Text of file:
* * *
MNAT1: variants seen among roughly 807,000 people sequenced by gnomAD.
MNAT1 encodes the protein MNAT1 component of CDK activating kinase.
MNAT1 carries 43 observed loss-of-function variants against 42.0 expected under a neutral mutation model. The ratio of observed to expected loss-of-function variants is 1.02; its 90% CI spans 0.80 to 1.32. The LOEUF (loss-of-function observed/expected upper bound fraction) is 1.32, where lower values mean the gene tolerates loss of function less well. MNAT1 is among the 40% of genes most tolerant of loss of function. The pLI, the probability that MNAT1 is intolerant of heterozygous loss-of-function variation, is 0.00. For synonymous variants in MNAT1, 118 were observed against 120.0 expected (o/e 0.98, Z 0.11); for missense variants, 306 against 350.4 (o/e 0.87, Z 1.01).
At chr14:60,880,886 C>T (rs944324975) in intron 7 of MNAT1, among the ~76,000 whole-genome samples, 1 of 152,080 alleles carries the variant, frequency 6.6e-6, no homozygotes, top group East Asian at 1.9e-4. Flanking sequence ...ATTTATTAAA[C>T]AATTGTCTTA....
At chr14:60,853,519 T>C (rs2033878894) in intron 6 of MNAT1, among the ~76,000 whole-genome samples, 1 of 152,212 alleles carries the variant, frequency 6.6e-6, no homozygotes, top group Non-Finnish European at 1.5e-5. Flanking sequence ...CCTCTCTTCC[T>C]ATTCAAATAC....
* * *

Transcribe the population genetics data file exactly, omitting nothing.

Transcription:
MNAT1: variants seen among roughly 807,000 people sequenced by gnomAD.
MNAT1 encodes the protein MNAT1 component of CDK activating kinase.
MNAT1 carries 43 observed loss-of-function variants against 42.0 expected under a neutral mutation model. The ratio of observed to expected loss-of-function variants is 1.02; its 90% CI spans 0.80 to 1.32. The LOEUF (loss-of-function observed/expected upper bound fraction) is 1.32, where lower values mean the gene tolerates loss of function less well. MNAT1 is among the 40% of genes most tolerant of loss of function. The pLI, the probability that MNAT1 is intolerant of heterozygous loss-of-function variation, is 0.00. For synonymous variants in MNAT1, 118 were observed against 120.0 expected (o/e 0.98, Z 0.11); for missense variants, 306 against 350.4 (o/e 0.87, Z 1.01).
At chr14:60,880,886 C>T (rs944324975) in intron 7 of MNAT1, among the ~76,000 whole-genome samples, 1 of 152,080 alleles carries the variant, frequency 6.6e-6, no homozygotes, top group East Asian at 1.9e-4. Flanking sequence ...ATTTATTAAA[C>T]AATTGTCTTA....
At chr14:60,853,519 T>C (rs2033878894) in intron 6 of MNAT1, among the ~76,000 whole-genome samples, 1 of 152,212 alleles carries the variant, frequency 6.6e-6, no homozygotes, top group Non-Finnish European at 1.5e-5. Flanking sequence ...CCTCTCTTCC[T>C]ATTCAAATAC....